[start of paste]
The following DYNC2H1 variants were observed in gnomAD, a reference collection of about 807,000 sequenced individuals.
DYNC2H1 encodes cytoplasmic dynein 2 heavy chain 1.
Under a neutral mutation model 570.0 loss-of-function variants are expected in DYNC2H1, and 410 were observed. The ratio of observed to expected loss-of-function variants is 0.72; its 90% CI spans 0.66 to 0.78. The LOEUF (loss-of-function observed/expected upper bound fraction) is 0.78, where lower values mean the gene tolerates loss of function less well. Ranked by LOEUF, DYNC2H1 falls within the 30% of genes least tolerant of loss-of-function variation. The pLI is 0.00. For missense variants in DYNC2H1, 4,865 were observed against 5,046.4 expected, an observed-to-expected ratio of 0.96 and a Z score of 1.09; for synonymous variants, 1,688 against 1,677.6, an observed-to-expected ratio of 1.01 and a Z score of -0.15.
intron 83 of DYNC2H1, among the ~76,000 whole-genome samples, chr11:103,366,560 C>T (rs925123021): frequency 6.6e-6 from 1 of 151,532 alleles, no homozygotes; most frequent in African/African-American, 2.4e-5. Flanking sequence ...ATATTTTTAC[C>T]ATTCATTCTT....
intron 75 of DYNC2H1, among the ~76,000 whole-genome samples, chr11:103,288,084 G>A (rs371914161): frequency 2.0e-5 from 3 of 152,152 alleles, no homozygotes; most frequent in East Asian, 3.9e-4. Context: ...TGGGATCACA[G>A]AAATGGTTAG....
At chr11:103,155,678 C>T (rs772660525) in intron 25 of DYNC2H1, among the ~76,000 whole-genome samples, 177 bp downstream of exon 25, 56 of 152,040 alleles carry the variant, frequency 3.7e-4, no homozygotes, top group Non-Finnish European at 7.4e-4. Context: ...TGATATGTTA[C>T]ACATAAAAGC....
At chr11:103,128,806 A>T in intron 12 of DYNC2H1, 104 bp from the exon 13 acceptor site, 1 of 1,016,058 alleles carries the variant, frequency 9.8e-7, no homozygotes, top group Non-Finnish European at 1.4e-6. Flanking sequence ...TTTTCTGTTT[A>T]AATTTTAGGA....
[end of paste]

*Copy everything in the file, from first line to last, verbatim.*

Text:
The following DYNC2H1 variants were observed in gnomAD, a reference collection of about 807,000 sequenced individuals.
DYNC2H1 encodes cytoplasmic dynein 2 heavy chain 1.
Under a neutral mutation model 570.0 loss-of-function variants are expected in DYNC2H1, and 410 were observed. The ratio of observed to expected loss-of-function variants is 0.72; its 90% CI spans 0.66 to 0.78. The LOEUF (loss-of-function observed/expected upper bound fraction) is 0.78, where lower values mean the gene tolerates loss of function less well. Ranked by LOEUF, DYNC2H1 falls within the 30% of genes least tolerant of loss-of-function variation. The pLI is 0.00. For missense variants in DYNC2H1, 4,865 were observed against 5,046.4 expected, an observed-to-expected ratio of 0.96 and a Z score of 1.09; for synonymous variants, 1,688 against 1,677.6, an observed-to-expected ratio of 1.01 and a Z score of -0.15.
intron 83 of DYNC2H1, among the ~76,000 whole-genome samples, chr11:103,366,560 C>T (rs925123021): frequency 6.6e-6 from 1 of 151,532 alleles, no homozygotes; most frequent in African/African-American, 2.4e-5. Flanking sequence ...ATATTTTTAC[C>T]ATTCATTCTT....
intron 75 of DYNC2H1, among the ~76,000 whole-genome samples, chr11:103,288,084 G>A (rs371914161): frequency 2.0e-5 from 3 of 152,152 alleles, no homozygotes; most frequent in East Asian, 3.9e-4. Context: ...TGGGATCACA[G>A]AAATGGTTAG....
At chr11:103,155,678 C>T (rs772660525) in intron 25 of DYNC2H1, among the ~76,000 whole-genome samples, 177 bp downstream of exon 25, 56 of 152,040 alleles carry the variant, frequency 3.7e-4, no homozygotes, top group Non-Finnish European at 7.4e-4. Context: ...TGATATGTTA[C>T]ACATAAAAGC....
At chr11:103,128,806 A>T in intron 12 of DYNC2H1, 104 bp from the exon 13 acceptor site, 1 of 1,016,058 alleles carries the variant, frequency 9.8e-7, no homozygotes, top group Non-Finnish European at 1.4e-6. Flanking sequence ...TTTTCTGTTT[A>T]AATTTTAGGA....